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Wednesday, May 18, 2011

Good, better, best

Back in my corporate days the company “offered” (ie, do it or you’re fired) a profiling test to its managers. After answering questions for a couple of hours, it spit out results that rated you according to key corporate attributes. These differ greatly from your standard “nerd package” of attributes, which usually include variants on Strength, Dexterity and Charisma. Instead, we were assigned a percentage that scored things like Team Leadership, Time Management, and Consensus-building. Like any test, all it really did was rate how good a person was at taking tests. Anyway, whatever your lowest score ended up being, that was where you were supposed to focus your “professional development” energies for the next quarter.
(If reading stuff like “professional development energies” and “consensus-building” don’t give you a case of the cold shivers, you should doubt your sanity.)
My lowest score was Decisiveness. At the time I scoffed. What did that test know, anyway? I can make a decision. But as time has passed, I have begun to see that maybe the All-Knowing Computer had it right. Maybe it was fluke, or maybe the test results have just made me examine my own definition of decisiveness a little more than previously. Regardless, the issue that has really convinced me is doing edits and re-writes.
A novel is completed. I am happy with it. It sits in my virtual shelf for a while. I go back and reread it and discover that a thousand changes “need” to be made. Then the next day I change a passage I just played with the day before, only I change it back to its original text. My definition of perfect is based on factors I don’t even understand. Phases of the moon, brightness of the sun, what I had for breakfast, music I’m listening to, whether I hear a lawn mower or not... who knows what manipulates me into thinking version A is awesome on Monday, but version B is way better on Tuesday.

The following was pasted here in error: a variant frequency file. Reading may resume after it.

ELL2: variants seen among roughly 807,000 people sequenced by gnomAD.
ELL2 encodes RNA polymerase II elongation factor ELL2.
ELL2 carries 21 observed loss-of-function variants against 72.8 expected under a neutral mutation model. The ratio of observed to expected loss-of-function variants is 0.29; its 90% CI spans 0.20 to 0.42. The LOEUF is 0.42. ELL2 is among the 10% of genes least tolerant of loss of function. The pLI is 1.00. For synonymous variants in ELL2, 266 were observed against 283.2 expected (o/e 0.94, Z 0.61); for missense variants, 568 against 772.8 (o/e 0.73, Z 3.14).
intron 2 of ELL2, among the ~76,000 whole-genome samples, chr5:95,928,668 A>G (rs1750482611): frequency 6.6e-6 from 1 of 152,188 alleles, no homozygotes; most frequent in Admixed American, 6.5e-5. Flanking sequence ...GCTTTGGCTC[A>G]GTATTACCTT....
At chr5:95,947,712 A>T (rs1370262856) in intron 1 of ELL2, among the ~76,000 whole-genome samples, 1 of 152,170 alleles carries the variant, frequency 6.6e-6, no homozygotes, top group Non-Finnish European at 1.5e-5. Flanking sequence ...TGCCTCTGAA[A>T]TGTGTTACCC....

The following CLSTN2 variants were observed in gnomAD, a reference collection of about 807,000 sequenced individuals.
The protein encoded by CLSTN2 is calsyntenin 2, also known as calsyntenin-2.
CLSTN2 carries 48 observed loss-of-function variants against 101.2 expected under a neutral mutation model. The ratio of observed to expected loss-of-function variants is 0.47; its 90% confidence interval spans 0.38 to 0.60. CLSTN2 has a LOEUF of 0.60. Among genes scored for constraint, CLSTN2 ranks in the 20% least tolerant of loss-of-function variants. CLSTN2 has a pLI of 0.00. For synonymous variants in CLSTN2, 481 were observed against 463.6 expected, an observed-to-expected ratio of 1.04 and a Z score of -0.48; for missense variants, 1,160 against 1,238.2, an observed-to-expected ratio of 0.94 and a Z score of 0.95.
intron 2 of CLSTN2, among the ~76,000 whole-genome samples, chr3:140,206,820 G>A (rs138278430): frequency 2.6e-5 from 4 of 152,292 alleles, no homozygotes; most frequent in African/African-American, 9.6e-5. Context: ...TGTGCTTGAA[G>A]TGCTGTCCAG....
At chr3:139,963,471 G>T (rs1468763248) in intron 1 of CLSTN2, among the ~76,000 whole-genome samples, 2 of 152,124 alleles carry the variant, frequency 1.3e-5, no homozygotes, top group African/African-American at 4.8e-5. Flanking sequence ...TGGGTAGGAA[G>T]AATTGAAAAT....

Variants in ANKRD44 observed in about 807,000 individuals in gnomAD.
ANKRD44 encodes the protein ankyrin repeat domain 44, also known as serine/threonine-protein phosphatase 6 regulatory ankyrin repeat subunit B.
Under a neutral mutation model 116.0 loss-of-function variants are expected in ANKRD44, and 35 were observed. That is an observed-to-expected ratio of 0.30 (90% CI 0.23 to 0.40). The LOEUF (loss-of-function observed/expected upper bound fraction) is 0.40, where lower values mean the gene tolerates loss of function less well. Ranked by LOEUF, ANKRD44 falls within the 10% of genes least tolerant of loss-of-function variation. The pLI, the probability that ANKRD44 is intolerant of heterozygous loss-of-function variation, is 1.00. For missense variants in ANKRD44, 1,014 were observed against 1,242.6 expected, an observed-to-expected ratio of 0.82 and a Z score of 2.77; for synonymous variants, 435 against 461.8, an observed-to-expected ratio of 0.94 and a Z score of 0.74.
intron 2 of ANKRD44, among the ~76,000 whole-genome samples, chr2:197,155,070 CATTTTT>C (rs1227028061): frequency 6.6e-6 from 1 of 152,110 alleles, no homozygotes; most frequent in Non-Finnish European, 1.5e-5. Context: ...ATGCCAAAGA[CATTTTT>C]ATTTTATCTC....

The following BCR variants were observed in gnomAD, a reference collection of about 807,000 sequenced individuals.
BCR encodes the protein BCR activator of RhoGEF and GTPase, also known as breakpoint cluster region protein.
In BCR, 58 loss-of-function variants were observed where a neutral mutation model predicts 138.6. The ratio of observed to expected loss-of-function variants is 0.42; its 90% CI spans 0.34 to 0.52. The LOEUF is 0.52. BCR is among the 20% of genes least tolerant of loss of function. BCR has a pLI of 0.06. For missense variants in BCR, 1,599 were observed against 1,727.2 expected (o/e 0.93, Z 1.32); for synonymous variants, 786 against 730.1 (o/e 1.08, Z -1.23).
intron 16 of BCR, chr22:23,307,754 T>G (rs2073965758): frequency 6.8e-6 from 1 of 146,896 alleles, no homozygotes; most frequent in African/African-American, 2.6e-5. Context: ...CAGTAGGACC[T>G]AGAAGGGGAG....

Sometimes there is an empirical “better.” Most times there is not. It is why I find first drafts so much fun and re-writes so agonizing. If it were just a matter of going through 130 thousand words and picking the best ones for the story, it wouldn’t be great, but it would be achievable. Instead, though, it’s picking ones that are “better” and then changing your mind about what constitutes “better.”
A wise fellow said “A book is never done, only put aside.” How true, how true.
Now back to re-writes. Tell me, is “crimson” or “scarlet” a better word?

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